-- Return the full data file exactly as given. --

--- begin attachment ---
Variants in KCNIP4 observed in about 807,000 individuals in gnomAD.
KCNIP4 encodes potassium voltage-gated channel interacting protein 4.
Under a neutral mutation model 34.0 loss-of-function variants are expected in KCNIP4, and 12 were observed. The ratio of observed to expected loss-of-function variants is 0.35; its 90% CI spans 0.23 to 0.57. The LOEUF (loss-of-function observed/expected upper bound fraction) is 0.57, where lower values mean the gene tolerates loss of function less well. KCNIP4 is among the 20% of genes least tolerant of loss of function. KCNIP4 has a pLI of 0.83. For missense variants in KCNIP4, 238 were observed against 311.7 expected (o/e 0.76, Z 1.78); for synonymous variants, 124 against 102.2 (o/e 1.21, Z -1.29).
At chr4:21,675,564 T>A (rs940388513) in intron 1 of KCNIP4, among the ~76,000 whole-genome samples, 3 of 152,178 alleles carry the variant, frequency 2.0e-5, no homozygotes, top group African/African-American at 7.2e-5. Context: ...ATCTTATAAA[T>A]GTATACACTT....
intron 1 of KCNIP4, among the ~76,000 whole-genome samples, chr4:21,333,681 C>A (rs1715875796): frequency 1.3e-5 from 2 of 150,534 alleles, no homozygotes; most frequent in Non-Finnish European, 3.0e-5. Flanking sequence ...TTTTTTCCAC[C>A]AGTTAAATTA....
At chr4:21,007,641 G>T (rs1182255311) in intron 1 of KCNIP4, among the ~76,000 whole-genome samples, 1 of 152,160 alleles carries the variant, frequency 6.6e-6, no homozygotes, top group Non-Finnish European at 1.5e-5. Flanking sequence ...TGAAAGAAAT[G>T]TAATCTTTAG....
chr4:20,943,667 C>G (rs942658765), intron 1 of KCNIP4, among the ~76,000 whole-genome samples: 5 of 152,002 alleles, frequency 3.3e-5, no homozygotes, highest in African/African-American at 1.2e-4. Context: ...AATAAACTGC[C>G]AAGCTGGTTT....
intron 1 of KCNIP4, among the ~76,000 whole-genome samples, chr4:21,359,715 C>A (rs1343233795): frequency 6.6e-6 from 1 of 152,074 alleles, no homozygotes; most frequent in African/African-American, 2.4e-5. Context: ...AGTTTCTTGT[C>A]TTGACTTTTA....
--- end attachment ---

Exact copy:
Variants in KCNIP4 observed in about 807,000 individuals in gnomAD.
KCNIP4 encodes potassium voltage-gated channel interacting protein 4.
Under a neutral mutation model 34.0 loss-of-function variants are expected in KCNIP4, and 12 were observed. The ratio of observed to expected loss-of-function variants is 0.35; its 90% CI spans 0.23 to 0.57. The LOEUF (loss-of-function observed/expected upper bound fraction) is 0.57, where lower values mean the gene tolerates loss of function less well. KCNIP4 is among the 20% of genes least tolerant of loss of function. KCNIP4 has a pLI of 0.83. For missense variants in KCNIP4, 238 were observed against 311.7 expected (o/e 0.76, Z 1.78); for synonymous variants, 124 against 102.2 (o/e 1.21, Z -1.29).
At chr4:21,675,564 T>A (rs940388513) in intron 1 of KCNIP4, among the ~76,000 whole-genome samples, 3 of 152,178 alleles carry the variant, frequency 2.0e-5, no homozygotes, top group African/African-American at 7.2e-5. Context: ...ATCTTATAAA[T>A]GTATACACTT....
intron 1 of KCNIP4, among the ~76,000 whole-genome samples, chr4:21,333,681 C>A (rs1715875796): frequency 1.3e-5 from 2 of 150,534 alleles, no homozygotes; most frequent in Non-Finnish European, 3.0e-5. Flanking sequence ...TTTTTTCCAC[C>A]AGTTAAATTA....
At chr4:21,007,641 G>T (rs1182255311) in intron 1 of KCNIP4, among the ~76,000 whole-genome samples, 1 of 152,160 alleles carries the variant, frequency 6.6e-6, no homozygotes, top group Non-Finnish European at 1.5e-5. Flanking sequence ...TGAAAGAAAT[G>T]TAATCTTTAG....
chr4:20,943,667 C>G (rs942658765), intron 1 of KCNIP4, among the ~76,000 whole-genome samples: 5 of 152,002 alleles, frequency 3.3e-5, no homozygotes, highest in African/African-American at 1.2e-4. Context: ...AATAAACTGC[C>G]AAGCTGGTTT....
intron 1 of KCNIP4, among the ~76,000 whole-genome samples, chr4:21,359,715 C>A (rs1343233795): frequency 6.6e-6 from 1 of 152,074 alleles, no homozygotes; most frequent in African/African-American, 2.4e-5. Context: ...AGTTTCTTGT[C>A]TTGACTTTTA....